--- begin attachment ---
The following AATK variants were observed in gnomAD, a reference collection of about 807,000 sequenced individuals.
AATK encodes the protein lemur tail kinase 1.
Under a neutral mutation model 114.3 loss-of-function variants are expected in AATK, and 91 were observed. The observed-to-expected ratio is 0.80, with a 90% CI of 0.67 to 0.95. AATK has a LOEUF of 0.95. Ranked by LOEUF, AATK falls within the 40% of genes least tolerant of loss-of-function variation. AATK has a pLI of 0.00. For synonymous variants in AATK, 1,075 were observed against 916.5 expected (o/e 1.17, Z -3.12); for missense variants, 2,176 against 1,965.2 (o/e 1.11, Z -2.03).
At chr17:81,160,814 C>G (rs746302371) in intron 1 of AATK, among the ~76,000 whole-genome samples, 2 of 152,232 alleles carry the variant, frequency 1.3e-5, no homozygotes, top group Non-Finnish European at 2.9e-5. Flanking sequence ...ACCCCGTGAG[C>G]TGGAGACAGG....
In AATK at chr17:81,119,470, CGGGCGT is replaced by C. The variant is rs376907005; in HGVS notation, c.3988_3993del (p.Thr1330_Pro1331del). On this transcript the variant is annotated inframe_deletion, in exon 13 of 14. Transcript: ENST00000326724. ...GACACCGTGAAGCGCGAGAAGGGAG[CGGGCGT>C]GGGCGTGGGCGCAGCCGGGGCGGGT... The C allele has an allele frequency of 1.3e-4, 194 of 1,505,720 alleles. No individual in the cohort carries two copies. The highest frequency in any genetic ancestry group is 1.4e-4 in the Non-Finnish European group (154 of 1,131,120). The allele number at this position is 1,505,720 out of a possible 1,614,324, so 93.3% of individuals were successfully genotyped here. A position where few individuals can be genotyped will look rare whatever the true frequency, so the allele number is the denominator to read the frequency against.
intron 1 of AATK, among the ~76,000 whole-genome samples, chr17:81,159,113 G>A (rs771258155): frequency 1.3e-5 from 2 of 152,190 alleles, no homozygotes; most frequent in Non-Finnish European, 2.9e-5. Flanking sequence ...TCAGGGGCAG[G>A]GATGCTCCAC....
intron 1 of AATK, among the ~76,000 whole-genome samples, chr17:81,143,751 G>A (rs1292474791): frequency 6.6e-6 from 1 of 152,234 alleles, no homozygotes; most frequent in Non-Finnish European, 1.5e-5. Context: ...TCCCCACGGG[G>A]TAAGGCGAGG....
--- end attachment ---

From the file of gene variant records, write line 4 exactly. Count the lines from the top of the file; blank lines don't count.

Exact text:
At chr17:81,160,814 C>G (rs746302371) in intron 1 of AATK, among the ~76,000 whole-genome samples, 2 of 152,232 alleles carry the variant, frequency 1.3e-5, no homozygotes, top group Non-Finnish European at 2.9e-5. Flanking sequence ...ACCCCGTGAG[C>G]TGGAGACAGG....